NI competitors successful in cross- country

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The Northern Ireland team had a successful outing at the British and Irish Masters Cross Country International at Santry, Dublin on Saturday.

Eamon White ran brilliantly to take second in the M45 section and was well backed by Gary Henderson in fifth, Philip Tweedie 10th and Cathal McLaughlin 15th as the team clinched the silver medals.

It was silver also for the F45 Ladies with Shileen O’Kane running impressively for fifth, Pauline Thom seventh, Debbie Matchett 10th and Jackie McMonagle 15th.

Gerry Lynch showed his class by coming second in the M70. Davy Seaton 10th, Fred Murdoch 14th and Jim Platt 17th followed as the team took bronze.

There were good performances also by Terry Eakin with fourth at M65 and Gerry O’Doherty 10th at M60.

Denise Logue ninth, Catherine Diver 10th and Jodi Smith 13th led the F35 squad with Gerrie Short impressive as she came fifth in the F40 ahead of Julie Butler 11th, Sonia Knox 13th and Sharon Leetch 15th. Ann Terek with fifth headed the F50 team with Hannah Shields 10th while Bridget Quinn clinched the bronze medal in the F70 section.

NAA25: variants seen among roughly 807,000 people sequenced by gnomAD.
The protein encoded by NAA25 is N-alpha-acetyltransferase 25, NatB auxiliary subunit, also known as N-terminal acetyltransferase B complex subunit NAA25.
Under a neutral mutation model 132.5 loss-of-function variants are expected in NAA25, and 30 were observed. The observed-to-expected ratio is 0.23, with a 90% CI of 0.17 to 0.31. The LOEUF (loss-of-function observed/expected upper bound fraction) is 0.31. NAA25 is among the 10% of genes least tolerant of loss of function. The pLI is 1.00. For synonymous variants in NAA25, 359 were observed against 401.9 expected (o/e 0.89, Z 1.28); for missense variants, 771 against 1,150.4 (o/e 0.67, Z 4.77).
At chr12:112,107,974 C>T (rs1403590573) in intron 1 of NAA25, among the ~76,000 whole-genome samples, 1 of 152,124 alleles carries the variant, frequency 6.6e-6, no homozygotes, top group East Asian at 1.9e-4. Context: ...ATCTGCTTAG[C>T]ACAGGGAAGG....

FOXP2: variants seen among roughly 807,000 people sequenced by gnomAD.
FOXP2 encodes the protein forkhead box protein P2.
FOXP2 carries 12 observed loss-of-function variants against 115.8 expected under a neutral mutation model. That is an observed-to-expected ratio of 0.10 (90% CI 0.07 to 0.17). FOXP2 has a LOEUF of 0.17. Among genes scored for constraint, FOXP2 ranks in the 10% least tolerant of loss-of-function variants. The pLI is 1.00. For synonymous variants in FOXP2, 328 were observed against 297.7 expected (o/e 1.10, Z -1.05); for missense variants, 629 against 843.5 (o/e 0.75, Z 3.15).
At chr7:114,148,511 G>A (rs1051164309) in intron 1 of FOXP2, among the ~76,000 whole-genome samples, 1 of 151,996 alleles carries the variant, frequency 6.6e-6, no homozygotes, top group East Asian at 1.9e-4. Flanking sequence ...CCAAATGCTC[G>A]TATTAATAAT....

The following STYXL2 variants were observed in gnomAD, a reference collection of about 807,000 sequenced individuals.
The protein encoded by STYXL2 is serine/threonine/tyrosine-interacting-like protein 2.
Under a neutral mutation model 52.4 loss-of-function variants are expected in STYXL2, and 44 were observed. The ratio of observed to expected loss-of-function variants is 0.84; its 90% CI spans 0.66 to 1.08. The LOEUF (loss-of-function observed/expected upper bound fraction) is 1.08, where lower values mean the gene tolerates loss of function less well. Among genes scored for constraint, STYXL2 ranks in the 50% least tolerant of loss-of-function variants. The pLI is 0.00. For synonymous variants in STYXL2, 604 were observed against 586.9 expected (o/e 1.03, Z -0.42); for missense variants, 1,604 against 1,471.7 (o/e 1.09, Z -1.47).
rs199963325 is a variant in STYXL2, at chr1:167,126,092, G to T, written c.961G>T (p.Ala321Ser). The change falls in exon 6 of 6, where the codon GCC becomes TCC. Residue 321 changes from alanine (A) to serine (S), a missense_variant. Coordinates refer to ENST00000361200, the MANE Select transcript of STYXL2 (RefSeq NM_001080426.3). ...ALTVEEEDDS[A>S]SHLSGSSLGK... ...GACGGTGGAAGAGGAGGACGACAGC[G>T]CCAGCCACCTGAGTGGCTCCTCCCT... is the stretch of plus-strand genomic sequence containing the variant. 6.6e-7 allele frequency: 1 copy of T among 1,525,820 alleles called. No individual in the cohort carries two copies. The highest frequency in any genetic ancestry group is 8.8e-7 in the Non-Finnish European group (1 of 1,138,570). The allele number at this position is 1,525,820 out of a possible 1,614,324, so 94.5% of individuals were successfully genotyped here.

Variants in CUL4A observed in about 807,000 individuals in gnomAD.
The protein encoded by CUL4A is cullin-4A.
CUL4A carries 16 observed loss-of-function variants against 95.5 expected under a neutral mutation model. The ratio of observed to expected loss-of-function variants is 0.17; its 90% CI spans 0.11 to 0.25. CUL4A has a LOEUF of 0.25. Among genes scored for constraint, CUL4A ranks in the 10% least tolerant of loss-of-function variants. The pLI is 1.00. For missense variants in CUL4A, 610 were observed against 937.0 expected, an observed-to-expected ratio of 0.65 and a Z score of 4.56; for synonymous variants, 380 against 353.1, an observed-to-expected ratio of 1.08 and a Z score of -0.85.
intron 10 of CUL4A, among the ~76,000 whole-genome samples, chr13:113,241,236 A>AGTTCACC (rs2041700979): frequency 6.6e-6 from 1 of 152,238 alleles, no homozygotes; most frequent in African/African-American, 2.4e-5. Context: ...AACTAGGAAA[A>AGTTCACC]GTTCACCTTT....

There were top performances also by local athletes on the Irish squad who took seven team golds.

Ann-Marie McGlynn and Natasha Adams came first and second in the F35 and were backed by Fionnuala Diver in fourth as the squad claimed gold.

Declan Reed second and Ciaran Doherty third spearhead the gold medal M40 team with Pauric McKinney striking gold in the M60.

There were rostrum places too in the M60 as Matt Shields second and Paul Elliot third led the success side.

Meanwhile, IAAF president Lord Coe has admitted he should have seen the warning signs before athletics became engulfed in a doping crisis.

Writing in the Sunday Telegraph, Coe said he and his colleagues should have been “more alert” during the events which led up to Friday’s decision to provisionally suspend Russia following revelations of systemic doping.

Coe was elected president of the IAAF in August after spending eight years as deputy to Lamine Diack, who is being investigated by French police on suspicion of having taken more than 1million euros in payments to cover up positive drugs tests.

Citing the Edmund Burke quote which says ‘It is necessary only for good men to do nothing for evil to triumph’, Coe wrote in the Telegraph: “It is an observation that stabs between the ribs, and something that I have thought about restlessly and incessantly over the past awful week for athletics.”